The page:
Research on the viral and environmental origin of specific cancers.
Labs In This Area
Biomarker discovery and biomarker applications to epidemiological research
Recent findings suggest that more than 70% of the risk for developing chronic diseases and cancers are due to environmental factors, which include interactions between our environment and our genes. However, the role of the environment in disease etiology remains largely unknown. To address this need, research in my laboratory is focused on biomarker discovery and targeted methods that utilize simple and non-invasive blood collection strategies to extend biomarker applications to epidemiological research.
A major focus of my research is on an important class of chemical toxicants, reactive electrophiles. Because electrophiles are reactive, adducts of abundant blood proteins are used as biomarkers of exposure. Since stable adducts persist in the blood for the life span of the protein, adducts reflect an integration of exposure over weeks to months. We are applying an “adductomics” approach to a single nucleophilic ‘hot spot” on human serum albumin (HSA), HSA-Cys34, to generate adduct maps as molecular fingerprints of exposure. These adduct maps can be compared across groups to pinpoint candidate biomarkers. We are currently applying this strategy to investigate unknown risk factors associated with several cancers, congenital disorders, and chronic diseases, including ovarian cancer, multiple myeloma, cleft lip and cleft palate, spina bifada, and cardiovascular disease.
A second line of research in my laboratory focuses on the logistics of measuring biomarkers to assess environmental exposures in population-based research. An obstacle to the measurement of biomarkers is the requirement for venipuncture to obtain samples, which is expensive, invasive, and needs to be performed by a trained phlebotomist near a laboratory where the blood can be immediately processed. In contrast, dried blood spots (DBS)—drops of whole blood collected on filter paper—are a simple and non-invasive alternative that can be collected in non-clinical settings. Current DBS projects in our laboratory are focused on prenatal, early childhood, and adult exposures to toxic metals, including lead, arsenic, mercury, and cadmium. We have several ongoing collaborative projects applying DBS to assess heavy metal exposures in newborns using state-archived DBS (retrospective studies) and in pediatric populations and young children (prospective studies) using a newly developed blood collection device (Funk & McDade, Patent Pending).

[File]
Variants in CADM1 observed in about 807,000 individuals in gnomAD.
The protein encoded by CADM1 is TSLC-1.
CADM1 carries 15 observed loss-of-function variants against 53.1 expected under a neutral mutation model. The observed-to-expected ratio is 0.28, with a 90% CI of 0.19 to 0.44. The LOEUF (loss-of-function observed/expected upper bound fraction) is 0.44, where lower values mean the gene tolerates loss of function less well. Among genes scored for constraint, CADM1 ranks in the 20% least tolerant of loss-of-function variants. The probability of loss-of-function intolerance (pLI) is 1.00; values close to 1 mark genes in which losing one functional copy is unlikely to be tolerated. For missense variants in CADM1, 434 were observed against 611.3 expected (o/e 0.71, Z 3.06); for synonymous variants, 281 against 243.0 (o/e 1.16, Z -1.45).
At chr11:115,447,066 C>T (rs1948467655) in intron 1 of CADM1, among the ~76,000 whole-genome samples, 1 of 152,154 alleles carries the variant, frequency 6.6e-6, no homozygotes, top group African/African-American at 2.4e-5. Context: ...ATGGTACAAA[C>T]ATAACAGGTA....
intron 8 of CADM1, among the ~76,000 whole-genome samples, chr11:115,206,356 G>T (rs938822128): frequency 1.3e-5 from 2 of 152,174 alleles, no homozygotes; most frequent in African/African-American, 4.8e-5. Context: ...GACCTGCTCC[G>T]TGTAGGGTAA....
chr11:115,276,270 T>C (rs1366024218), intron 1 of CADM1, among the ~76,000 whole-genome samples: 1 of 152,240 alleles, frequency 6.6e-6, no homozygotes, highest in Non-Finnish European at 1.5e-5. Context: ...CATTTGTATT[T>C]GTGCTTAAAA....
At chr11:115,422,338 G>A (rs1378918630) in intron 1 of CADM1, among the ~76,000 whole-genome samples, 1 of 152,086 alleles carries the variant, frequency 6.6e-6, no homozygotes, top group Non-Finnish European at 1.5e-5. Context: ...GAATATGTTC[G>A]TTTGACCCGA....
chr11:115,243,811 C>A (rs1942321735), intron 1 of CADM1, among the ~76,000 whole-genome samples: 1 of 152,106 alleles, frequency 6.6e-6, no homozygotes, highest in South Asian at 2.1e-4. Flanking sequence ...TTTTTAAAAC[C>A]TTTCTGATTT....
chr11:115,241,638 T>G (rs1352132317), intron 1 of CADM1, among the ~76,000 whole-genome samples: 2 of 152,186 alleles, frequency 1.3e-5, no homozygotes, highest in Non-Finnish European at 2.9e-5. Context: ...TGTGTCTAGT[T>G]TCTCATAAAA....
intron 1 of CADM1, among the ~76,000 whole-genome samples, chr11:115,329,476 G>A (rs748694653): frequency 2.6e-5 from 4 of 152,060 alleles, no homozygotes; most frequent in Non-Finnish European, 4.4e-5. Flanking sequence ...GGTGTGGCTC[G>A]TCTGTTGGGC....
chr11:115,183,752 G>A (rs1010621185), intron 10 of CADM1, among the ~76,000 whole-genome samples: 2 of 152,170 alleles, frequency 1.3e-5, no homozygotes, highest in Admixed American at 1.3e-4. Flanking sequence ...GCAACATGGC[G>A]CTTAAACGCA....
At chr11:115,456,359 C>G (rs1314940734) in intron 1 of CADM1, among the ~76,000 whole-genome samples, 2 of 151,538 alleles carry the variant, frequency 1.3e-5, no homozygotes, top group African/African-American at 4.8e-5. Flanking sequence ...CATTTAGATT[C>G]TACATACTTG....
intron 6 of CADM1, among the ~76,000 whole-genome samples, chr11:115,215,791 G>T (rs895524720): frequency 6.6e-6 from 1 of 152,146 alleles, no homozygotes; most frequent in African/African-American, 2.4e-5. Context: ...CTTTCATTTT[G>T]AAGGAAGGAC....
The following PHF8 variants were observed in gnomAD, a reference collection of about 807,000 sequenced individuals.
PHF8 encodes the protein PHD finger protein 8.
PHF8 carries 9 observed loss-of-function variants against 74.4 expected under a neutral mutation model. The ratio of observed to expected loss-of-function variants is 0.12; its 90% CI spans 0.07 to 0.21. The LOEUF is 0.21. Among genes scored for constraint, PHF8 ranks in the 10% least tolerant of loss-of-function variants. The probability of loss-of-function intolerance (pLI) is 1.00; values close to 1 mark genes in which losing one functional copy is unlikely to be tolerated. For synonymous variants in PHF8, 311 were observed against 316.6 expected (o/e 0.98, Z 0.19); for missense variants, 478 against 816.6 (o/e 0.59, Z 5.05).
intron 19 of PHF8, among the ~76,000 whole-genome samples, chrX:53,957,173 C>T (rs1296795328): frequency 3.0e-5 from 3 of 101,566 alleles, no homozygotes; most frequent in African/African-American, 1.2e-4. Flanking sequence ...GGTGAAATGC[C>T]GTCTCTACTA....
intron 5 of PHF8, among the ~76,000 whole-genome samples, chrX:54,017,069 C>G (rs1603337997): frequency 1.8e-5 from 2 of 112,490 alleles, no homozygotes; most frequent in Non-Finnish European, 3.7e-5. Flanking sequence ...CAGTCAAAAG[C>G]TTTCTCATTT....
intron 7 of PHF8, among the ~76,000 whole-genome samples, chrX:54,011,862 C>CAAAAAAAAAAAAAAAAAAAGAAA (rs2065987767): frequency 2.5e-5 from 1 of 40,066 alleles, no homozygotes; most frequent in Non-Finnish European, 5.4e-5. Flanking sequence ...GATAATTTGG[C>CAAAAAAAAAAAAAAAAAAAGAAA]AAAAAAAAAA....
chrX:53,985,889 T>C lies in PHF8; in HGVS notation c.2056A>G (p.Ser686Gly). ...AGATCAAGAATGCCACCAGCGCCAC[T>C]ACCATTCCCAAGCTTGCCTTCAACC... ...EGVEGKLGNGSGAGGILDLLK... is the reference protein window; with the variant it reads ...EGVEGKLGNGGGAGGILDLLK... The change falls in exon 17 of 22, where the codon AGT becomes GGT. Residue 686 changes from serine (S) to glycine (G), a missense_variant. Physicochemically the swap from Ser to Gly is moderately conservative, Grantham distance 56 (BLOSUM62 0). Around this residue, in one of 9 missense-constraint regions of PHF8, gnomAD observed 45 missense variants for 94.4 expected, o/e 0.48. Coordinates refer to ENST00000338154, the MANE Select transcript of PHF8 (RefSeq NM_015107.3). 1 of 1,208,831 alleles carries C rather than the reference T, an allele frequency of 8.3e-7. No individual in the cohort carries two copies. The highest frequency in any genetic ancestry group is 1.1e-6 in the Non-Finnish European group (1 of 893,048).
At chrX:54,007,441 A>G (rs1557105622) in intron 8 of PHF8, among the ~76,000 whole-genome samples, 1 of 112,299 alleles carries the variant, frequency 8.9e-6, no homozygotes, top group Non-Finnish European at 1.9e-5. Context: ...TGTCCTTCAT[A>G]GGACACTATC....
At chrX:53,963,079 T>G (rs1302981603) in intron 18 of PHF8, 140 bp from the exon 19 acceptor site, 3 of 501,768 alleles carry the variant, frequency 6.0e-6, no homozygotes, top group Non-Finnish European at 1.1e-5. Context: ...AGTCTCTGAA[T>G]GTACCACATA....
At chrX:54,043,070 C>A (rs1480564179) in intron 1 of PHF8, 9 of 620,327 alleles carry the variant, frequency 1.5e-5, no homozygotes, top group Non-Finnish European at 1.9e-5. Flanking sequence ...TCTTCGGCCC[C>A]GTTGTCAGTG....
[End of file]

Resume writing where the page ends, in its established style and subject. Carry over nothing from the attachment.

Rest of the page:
Future studies are planned to combine both lines of my research and apply adductomics to DBS samples. In collaboration with the CDC’s Centers for Birth Defects Research and Prevention, we will be obtaining newborn DBS from State Public Health Laboratories to explore unknown prenatal risk factors for a variety of birth defects.
For more information visit the faculty profile of William Funk, PhD.
See Dr. Funk's publications in PubMed.
Targets and functions of miRNAs encoded by the human herpesvirus Kaposi’s sarcoma-associated herpesvirus (KSHV)